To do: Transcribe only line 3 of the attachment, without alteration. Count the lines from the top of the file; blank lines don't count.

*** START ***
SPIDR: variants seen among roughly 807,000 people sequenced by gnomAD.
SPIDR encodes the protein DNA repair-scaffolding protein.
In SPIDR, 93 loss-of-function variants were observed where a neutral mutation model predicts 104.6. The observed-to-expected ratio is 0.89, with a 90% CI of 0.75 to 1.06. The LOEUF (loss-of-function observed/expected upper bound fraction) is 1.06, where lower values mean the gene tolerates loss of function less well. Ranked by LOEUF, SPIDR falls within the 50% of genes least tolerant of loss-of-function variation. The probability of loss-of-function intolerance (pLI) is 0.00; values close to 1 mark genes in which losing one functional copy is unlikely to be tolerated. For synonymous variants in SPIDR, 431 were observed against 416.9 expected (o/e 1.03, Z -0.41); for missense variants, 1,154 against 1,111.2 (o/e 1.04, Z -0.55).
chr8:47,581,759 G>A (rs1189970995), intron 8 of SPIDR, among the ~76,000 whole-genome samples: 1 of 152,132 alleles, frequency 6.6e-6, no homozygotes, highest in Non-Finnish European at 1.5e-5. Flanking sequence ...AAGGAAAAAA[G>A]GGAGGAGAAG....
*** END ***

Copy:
In SPIDR, 93 loss-of-function variants were observed where a neutral mutation model predicts 104.6. The observed-to-expected ratio is 0.89, with a 90% CI of 0.75 to 1.06. The LOEUF (loss-of-function observed/expected upper bound fraction) is 1.06, where lower values mean the gene tolerates loss of function less well. Ranked by LOEUF, SPIDR falls within the 50% of genes least tolerant of loss-of-function variation. The probability of loss-of-function intolerance (pLI) is 0.00; values close to 1 mark genes in which losing one functional copy is unlikely to be tolerated. For synonymous variants in SPIDR, 431 were observed against 416.9 expected (o/e 1.03, Z -0.41); for missense variants, 1,154 against 1,111.2 (o/e 1.04, Z -0.55).